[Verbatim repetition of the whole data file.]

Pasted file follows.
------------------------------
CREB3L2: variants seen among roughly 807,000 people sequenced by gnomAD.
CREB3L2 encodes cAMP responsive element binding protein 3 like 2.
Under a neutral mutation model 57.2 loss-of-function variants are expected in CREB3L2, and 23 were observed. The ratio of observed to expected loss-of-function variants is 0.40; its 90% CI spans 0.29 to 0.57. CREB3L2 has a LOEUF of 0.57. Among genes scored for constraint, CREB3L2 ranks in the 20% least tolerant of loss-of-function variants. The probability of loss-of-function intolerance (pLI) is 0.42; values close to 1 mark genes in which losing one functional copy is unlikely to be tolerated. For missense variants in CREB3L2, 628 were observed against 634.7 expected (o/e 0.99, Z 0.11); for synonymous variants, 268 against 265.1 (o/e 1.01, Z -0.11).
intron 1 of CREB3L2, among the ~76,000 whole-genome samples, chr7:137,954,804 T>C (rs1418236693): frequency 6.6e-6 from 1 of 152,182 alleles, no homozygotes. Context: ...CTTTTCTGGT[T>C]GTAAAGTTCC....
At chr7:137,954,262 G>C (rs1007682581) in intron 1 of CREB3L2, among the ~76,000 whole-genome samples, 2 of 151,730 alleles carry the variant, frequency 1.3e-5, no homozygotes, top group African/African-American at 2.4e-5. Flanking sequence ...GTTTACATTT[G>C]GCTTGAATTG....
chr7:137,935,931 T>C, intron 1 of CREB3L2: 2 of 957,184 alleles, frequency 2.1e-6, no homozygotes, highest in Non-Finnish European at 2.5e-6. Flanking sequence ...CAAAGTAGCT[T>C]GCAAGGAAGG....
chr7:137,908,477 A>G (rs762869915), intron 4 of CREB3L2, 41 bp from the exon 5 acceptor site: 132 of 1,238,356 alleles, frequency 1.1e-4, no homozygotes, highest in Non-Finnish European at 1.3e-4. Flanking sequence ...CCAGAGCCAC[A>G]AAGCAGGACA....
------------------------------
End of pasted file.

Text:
CREB3L2: variants seen among roughly 807,000 people sequenced by gnomAD.
CREB3L2 encodes cAMP responsive element binding protein 3 like 2.
Under a neutral mutation model 57.2 loss-of-function variants are expected in CREB3L2, and 23 were observed. The ratio of observed to expected loss-of-function variants is 0.40; its 90% CI spans 0.29 to 0.57. CREB3L2 has a LOEUF of 0.57. Among genes scored for constraint, CREB3L2 ranks in the 20% least tolerant of loss-of-function variants. The probability of loss-of-function intolerance (pLI) is 0.42; values close to 1 mark genes in which losing one functional copy is unlikely to be tolerated. For missense variants in CREB3L2, 628 were observed against 634.7 expected (o/e 0.99, Z 0.11); for synonymous variants, 268 against 265.1 (o/e 1.01, Z -0.11).
intron 1 of CREB3L2, among the ~76,000 whole-genome samples, chr7:137,954,804 T>C (rs1418236693): frequency 6.6e-6 from 1 of 152,182 alleles, no homozygotes. Context: ...CTTTTCTGGT[T>C]GTAAAGTTCC....
At chr7:137,954,262 G>C (rs1007682581) in intron 1 of CREB3L2, among the ~76,000 whole-genome samples, 2 of 151,730 alleles carry the variant, frequency 1.3e-5, no homozygotes, top group African/African-American at 2.4e-5. Flanking sequence ...GTTTACATTT[G>C]GCTTGAATTG....
chr7:137,935,931 T>C, intron 1 of CREB3L2: 2 of 957,184 alleles, frequency 2.1e-6, no homozygotes, highest in Non-Finnish European at 2.5e-6. Flanking sequence ...CAAAGTAGCT[T>C]GCAAGGAAGG....
chr7:137,908,477 A>G (rs762869915), intron 4 of CREB3L2, 41 bp from the exon 5 acceptor site: 132 of 1,238,356 alleles, frequency 1.1e-4, no homozygotes, highest in Non-Finnish European at 1.3e-4. Flanking sequence ...CCAGAGCCAC[A>G]AAGCAGGACA....